Have you ever played Cole Porter’s music?
When I started playing professionally, I never really thought about Cole Porter’s music. Oh yes, I played his songs in various situations. I accompanied cabaret singers who sang his songs “Every Time We Say Goodbye” and “The Physician.” I played keyboards for the show “Anything Goes.” Once I played the first 16 bars of “Let’s Do It” for 8 hours straight during dance auditions. I made a choral arrangement of “I Love Paris” for the Gregg Smith Singers. And as a jazz pianist, I dutifully learned “I Love You” and “What Is This Thing Called Love” from the Real Book.
But although I had played all these songs, I never really loved Cole Porter’s work as a whole. (Check out the lyrics to “The Physician,” and you’ll get the pun!”)
That all changed when my friend Barry Levitt asked me to serve as music director for the 92nd St Y’s “Lyrics and Lyricists” show that features Cole Porter’s music. Barry was producing the show and knew that my varied musical experiences would serve Cole Porter’s music well.
We had to learn 45 songs in 3 weeks, pick keys for the vocalists, create solos, duets, and group numbers, and write dance arrangements. Once rehearsed, we’d perform 5 shows in 3 days in the 92nd St Y’s beautiful concert hall and then it would all be over. Wow – a very intense process and immensely exciting!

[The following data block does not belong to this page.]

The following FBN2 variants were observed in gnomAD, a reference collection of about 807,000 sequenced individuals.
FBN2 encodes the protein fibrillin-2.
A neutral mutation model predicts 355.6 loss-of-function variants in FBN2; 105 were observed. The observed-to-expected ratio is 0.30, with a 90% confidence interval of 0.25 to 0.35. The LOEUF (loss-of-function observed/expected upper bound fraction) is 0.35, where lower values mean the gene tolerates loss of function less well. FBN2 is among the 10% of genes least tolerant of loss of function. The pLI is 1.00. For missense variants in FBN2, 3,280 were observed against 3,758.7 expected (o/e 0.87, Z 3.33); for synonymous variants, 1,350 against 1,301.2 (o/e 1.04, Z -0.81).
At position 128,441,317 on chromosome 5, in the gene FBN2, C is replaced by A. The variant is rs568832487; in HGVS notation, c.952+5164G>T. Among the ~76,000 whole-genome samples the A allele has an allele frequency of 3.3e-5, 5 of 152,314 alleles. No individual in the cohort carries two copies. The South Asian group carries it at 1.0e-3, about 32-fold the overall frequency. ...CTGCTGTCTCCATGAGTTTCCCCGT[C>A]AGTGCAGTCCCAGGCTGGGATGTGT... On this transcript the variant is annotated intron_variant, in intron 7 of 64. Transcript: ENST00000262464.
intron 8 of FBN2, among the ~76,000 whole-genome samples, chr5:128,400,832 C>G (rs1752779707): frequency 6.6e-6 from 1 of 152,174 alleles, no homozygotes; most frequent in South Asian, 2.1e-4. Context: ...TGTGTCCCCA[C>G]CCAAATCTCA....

I quickly found out what makes Cole Porter unique as a songwriter.
Even though Porter was a “Tin Pan Alley” composer from what is now known at the Great American Songbook era, his music is more expansive than much of the other music of that time. Yes, he wrote catchy melodies, but they were often melded with passionate lyrics. Yes, he wrote songs with the same 32-bar AABA form as everyone else did, but Porter’s melodic lined arced higher and higher with each repetition, in the same way that classical music does. And when he chooses, he’ll write songs that take much longer to unfold, such as “Begin The Beguine” and “So In Love.’
All these musical elements combine to produce some of the most emotionally-intense and passionate music ever written. Then, with the next song, he’ll write verse after verse after verse after verse of witticisms that will have us giggling with glee.
As pianists, this gives us a lot so use in our interpretations of his music. We can play jazzy. We can play lyrically. We can do deep into our innermost emotions and know that Cole Porter has provided us with a vehicle in which they will be fully expressed.
I sat down at my piano today and explored some of these concepts on his song “So In Love” from the Broadway musical Kiss Me Kate.
It was just Cole Porter, me, and my piano. And now you too.
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